Talent Analysis: Reid Duke is a player who had real high expectations after being selected 5th Overall in the WHL draft in 2012. His first campaign saw him score just 24 points and this year he had 15 goals and 40 points playing one of the worst clubs in the Western Hockey League. Duke is a terrific skater who can get up to top speed in a hurry, and his first few steps are extremely explosive. He is also a very deft stickhandler and along with his speed make him very dangerous 1-0n-1. Some scouts believe his development has been hindered by the lack of quality linemates available with Lethbridge and believe he has the potential to be far more productive if he was in a better overall situation. Actually as Lethbridge’s season really started to turn sour, many players demanded to be dealt but Duke wasn’t among them as you can read here. He is not a big player, nor he very physical but he’s skilled forward who is a natural playmaker who has lacked the linemates with the finish to take advantage of his capabilities. His shot is decent, but scouts would like to see him use it more often. Defensively his game is just average and could stand some improvement. He hustles back well, but often he isn’t covering his assignment and that lack of attention to detail leads to goals for the opposition.
Bottom Line: He is an interesting project player who has high end speed and quickness you want, but its tough to read just what he can do as he’s been playing for such a poor team. Reid Duke will need to work on fixing his defensive deficiencies if he really wants to prove worthy of a chance at the next level.
My Thoughts: Another strange pick, but he does at least seem to have some skilled potential to be that fast, goal scoring forward which is a big need for the organization. Yet, he’s a player with a strange story of character but also in a way, excuses. He’s not the only player in this draft that plays for a lousy team but many of them still find ways to lead their teams in scoring, etc. While the article above talks about how he wasn’t going to abandon his club, maybe he’d wish he did as he dropped from being 65th in Central Scouting’s Mid-Term rankings to 137th in their final assessment. Reid Duke was a -47 on the Hurricanes. While that’s pretty horrendous, he wasn’t the worst +/- on his team, that dubious honor went to Macoy Erkamps who was a -62, ouch! But hey, look at the bright side Reid, if you make the Wild they most likely will not be as bad as Lethbridge! He’s also another right handed shot which certainly has been a major theme of this draft class for the Wild.
7th Round – 199th Overall
C – Pavel Jenys (Brno, Czech Elite)
Height: 6’3″ Weight: 194lbs Shoots: Right
2013-14 Stats: 28GP 2G 0A = 2pts 4 PIM’s
ISS: 107th Central Scouting: 21st (European) The Hockey News: N/A
Talent Analysis: Jenys is a European power forward who played in the Czech Elite League this season, and while his stats don’t jump out at you he was playing in a limited role for the Brno Komets. He protects the puck very well and while his skating needs work he is very strong on his skates and is sort of like a bull in a china shop once he gets going. Scouts wished he would move to the net more often, where his strong frame could be effective as you will see in the video below. Jenys does not ignore the defensive game and he chases pucks down to the best of his ability whether in the offensive or defensive zone. He is a beast along the wall and has a nice little set of moves to enter the offensive zone which is interesting for a player who at times seems to lack urgency on offense. He is not overly physical, despite possessing the strength and body to dominate his foes. Jenys is expected to play in North America next season.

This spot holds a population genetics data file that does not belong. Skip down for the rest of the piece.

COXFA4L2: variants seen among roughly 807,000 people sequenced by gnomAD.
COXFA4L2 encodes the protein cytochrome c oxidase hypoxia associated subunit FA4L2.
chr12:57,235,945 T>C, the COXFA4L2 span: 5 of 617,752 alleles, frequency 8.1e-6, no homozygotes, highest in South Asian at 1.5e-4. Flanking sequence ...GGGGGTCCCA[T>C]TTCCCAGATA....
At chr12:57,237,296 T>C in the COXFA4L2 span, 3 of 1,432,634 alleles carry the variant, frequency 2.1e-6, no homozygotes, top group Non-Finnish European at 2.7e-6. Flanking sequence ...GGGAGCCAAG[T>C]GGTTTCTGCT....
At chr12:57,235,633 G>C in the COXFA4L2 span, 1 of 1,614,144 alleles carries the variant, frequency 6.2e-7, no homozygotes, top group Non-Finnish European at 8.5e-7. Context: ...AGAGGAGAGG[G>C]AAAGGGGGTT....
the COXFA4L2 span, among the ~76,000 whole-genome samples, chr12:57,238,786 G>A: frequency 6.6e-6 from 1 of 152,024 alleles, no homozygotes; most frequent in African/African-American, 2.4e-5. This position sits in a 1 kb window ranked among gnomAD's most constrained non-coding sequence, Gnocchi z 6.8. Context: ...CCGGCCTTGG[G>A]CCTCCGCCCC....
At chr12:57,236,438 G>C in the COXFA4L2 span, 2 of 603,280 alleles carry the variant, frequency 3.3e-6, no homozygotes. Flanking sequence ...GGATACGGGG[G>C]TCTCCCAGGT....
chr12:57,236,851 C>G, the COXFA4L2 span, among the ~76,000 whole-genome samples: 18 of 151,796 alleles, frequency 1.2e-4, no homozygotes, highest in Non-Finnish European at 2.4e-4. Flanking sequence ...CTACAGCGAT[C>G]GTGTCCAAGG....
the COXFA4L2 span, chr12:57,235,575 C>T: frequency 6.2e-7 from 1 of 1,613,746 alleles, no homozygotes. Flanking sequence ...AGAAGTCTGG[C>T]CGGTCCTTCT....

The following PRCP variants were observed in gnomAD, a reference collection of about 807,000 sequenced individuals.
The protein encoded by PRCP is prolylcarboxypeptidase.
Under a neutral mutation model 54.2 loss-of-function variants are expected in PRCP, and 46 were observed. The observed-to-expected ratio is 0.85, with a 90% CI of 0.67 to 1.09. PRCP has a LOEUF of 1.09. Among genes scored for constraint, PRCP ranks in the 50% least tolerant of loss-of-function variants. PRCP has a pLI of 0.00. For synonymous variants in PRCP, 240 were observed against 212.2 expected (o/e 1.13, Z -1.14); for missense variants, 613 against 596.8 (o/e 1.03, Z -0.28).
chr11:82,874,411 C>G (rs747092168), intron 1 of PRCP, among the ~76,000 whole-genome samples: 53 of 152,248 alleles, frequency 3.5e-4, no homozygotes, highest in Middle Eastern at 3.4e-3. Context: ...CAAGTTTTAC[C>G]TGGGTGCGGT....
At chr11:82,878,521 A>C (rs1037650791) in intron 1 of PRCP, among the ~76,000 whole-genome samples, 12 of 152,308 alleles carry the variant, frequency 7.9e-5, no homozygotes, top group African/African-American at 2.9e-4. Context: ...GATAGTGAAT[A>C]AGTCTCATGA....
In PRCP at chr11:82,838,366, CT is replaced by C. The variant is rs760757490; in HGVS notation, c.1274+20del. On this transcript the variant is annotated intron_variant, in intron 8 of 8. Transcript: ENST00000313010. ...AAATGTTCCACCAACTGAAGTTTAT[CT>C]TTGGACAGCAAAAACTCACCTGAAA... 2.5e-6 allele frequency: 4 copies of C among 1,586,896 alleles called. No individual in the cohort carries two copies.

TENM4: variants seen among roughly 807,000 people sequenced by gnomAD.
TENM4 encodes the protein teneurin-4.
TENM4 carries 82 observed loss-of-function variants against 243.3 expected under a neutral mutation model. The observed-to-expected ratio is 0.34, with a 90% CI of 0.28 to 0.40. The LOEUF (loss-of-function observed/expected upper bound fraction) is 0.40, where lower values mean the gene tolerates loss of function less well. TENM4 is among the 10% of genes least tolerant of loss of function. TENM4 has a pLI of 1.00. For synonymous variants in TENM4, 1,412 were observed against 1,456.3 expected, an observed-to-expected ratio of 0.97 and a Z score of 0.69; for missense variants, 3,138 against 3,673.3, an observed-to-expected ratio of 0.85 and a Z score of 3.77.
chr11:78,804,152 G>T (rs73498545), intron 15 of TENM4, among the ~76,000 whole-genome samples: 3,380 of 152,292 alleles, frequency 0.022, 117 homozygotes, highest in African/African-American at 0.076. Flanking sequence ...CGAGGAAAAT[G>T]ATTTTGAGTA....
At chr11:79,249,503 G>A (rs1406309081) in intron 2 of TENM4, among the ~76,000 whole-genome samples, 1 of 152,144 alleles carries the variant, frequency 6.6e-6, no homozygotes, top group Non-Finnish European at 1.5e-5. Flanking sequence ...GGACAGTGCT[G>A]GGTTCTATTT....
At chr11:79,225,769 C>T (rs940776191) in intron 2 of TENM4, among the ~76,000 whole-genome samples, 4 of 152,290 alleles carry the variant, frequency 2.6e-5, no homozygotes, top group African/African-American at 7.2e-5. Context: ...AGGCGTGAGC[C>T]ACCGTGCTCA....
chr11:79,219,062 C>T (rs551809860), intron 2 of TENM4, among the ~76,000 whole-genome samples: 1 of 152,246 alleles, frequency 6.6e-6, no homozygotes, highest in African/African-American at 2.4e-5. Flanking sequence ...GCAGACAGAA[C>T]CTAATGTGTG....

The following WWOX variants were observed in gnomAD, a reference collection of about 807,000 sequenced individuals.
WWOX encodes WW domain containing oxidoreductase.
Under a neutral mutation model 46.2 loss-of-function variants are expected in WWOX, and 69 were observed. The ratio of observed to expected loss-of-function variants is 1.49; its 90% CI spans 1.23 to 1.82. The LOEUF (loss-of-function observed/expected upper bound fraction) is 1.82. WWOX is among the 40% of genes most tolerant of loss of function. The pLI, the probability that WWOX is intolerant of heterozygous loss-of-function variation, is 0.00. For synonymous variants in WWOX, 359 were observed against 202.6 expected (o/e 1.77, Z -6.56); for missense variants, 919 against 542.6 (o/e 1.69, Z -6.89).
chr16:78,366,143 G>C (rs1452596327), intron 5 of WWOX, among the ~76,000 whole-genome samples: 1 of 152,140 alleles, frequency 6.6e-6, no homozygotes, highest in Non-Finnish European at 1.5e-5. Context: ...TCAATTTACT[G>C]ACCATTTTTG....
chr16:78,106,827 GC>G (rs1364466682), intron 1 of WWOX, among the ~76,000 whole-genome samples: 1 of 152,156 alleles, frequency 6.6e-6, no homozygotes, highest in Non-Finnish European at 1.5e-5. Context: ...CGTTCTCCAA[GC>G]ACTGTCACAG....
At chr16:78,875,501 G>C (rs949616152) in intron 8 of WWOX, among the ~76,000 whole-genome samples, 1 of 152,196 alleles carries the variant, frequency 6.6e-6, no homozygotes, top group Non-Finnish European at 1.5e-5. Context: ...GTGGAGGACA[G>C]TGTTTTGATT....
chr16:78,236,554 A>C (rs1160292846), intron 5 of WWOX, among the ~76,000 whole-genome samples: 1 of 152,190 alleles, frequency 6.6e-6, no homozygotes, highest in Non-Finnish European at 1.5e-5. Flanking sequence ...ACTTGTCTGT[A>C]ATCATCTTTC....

Bottom Line: He is an interesting European project power forward prospect. I like the thought of him crashing the net and banging home goals. He will certainly have to work on his acceleration and I think encouraging him to take the puck to the crease would be to his benefit as well. If he works hard, improves his skating you could have a very interesting two-way forward for the 3rd line, who would also possess size and strength.
My Thoughts: I don’t mind this pick as much because I think it fits with many of the themes going into the draft. One theme throughout this whole class that was obvious; was the premium placed on players with right-handed shots. Jenys is a big kid with a nice blend of size, power and is learning how to play against grown men at a young age. I think he is one of the more interesting selections of this whole draft.
Jenys and Kahkonen are intriguing prospects with lots of raw potential, yet overall this draft was terribly disappointing. The team passed on some quality, bigger defenseman who had some nastiness to their game for more finesse, non-physical defensemen who already make up much of the teams pool of blueline prospects. By the time the team tried to draft some skilled forwards it was forced to make some major reaches on players who are still figuring out what their game is or one’s that were not living up to their potential. I realize the draft is not about what these players can do now, but what they can become in the future. However, maybe its just me but I’d like to think I can kind of understand what the scouts see in these players so I can get as excited as apparently they are about this draft class. In most cases, the choices seem random and do not address organizational holes. I do not have a lot of hope for most of this draft class as a whole.